Amethyst Quartz

by labdagatic on May 18, 2018

Disclaimer // Photo taken from pinterest

Amethyst is a violet variant of quartz regularly utilized as a part of jewelry. The name originates from the Old Greek ἀ a- ("not") and μέθυστος methustos ("intoxicated"), due to an ancient belief that the stone shielded its bearer from drunkeness. The antiquated Greeks wore amethyst and made drinking vessels improved with it in the conviction that it would avert intoxication. It is one of a few types of quartz. Amethyst is a semiprecious stone and is the conventional birthstone for February.

amethys quartz
Disclaimer // Photo taken from pinterest

Amethyst can be found in essential tones from a light pinkish violet to a deep purple. Amethyst may show one or both extra tones, red and blue. The best mixtures of Amethysts can be found in Siberia, Sri Lanka, Brazil and the far East. The perfect evaluation is called "Deep Siberian" and has primary purple hue of around 75-80%, with 15–20% blue and (depending upon the light source) red optional hues. Green quartz is in some cases inaccurately called green amethyst, which is a misnomer and not a fitting name for the material, the correct wording being Prasiolite. Different names for green quartz are vermarine or lime citrine.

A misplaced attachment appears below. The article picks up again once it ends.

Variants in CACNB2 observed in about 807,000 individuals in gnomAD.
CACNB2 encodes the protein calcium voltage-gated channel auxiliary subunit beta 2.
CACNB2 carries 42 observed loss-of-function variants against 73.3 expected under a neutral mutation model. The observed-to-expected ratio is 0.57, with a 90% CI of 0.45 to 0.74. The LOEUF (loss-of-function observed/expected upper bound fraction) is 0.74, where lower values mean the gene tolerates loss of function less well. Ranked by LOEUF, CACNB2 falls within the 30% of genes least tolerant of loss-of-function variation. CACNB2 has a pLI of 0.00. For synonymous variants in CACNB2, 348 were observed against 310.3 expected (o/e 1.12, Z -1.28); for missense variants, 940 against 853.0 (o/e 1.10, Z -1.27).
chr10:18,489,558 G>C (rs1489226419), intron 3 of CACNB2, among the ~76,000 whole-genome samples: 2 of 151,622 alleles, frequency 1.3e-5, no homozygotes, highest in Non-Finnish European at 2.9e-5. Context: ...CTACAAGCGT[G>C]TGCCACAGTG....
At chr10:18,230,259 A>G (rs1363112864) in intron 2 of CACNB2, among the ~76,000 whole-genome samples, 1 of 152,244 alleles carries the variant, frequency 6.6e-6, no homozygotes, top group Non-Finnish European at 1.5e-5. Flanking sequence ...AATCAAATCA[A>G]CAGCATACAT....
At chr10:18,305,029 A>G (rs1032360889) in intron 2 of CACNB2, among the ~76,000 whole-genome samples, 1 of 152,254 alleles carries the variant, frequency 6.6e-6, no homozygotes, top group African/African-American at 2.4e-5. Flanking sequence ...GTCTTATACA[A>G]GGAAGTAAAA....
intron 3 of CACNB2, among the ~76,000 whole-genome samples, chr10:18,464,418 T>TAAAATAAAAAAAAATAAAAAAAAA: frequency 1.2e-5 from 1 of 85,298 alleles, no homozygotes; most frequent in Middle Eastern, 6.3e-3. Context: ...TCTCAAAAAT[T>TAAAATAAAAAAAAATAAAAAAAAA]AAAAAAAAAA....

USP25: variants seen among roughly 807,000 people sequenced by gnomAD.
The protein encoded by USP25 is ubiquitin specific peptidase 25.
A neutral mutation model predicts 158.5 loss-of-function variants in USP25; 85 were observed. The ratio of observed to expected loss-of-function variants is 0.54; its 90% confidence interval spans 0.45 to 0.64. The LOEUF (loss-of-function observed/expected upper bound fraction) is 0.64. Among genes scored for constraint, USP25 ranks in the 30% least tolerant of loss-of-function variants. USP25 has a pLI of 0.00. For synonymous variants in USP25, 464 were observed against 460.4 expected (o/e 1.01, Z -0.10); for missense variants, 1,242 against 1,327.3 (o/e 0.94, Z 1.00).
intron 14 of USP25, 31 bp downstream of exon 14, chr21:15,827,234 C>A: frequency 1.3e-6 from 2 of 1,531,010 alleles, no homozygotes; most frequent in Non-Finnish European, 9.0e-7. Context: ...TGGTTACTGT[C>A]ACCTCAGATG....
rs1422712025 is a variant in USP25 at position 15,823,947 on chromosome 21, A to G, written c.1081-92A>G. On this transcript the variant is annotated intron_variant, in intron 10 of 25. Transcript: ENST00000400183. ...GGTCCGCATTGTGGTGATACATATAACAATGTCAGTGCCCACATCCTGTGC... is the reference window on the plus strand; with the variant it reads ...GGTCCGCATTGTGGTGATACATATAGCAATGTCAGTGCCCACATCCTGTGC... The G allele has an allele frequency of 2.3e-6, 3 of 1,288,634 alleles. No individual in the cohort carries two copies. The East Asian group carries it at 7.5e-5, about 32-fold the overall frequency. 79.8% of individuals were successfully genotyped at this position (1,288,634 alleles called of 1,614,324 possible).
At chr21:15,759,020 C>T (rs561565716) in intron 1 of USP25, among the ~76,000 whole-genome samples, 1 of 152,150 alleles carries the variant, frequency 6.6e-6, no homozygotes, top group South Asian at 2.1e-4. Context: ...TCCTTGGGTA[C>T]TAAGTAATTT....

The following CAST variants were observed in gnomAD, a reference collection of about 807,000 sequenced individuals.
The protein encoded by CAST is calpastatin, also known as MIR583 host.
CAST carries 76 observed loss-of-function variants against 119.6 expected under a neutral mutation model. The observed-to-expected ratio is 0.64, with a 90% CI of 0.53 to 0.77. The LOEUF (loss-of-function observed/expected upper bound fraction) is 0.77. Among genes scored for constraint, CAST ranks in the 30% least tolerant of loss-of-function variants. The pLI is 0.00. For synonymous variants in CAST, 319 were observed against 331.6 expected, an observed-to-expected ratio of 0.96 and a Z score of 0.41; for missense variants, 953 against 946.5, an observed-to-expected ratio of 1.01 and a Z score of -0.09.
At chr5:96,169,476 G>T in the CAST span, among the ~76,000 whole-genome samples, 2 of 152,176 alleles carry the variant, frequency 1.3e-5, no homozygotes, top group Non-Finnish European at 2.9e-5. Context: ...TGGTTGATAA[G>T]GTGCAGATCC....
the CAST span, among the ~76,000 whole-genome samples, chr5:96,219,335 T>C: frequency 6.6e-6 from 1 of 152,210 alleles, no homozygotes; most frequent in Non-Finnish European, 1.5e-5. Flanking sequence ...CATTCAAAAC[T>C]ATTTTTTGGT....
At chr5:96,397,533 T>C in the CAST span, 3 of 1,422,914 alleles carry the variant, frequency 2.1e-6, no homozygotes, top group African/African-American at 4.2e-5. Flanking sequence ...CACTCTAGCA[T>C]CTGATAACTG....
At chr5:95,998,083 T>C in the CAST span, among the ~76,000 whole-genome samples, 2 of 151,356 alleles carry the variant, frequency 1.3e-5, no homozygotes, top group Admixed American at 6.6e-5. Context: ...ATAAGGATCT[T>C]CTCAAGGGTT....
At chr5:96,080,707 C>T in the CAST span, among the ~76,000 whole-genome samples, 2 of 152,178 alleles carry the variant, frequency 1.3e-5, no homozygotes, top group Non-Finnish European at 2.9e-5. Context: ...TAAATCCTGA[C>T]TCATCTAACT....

amethyst on labdagatic bracelet

Amethyst was used as a gemstone by the ancient Egyptians and was largely employed in antiquity for intaglio engraved gems.

The Greeks believed amethyst gems could prevent intoxication, while medieval European soldiers wore amethyst amulets of protection in battle believing that amethysts heal people and keep them mild-tempered. Beads of amethyst were often found in Anglo-Saxon graves in England. Western Christian bishops wear an episcopal ring often set with an amethyst, an allusion to the description of the Apostles as "not drunk" at Pentecost in Acts 2:15.

A large geode, or "amethyst-grotto", from near Santa Cruz in southern Brazil was presented at the 1902 exhibitio in Düsseldorf, Germany.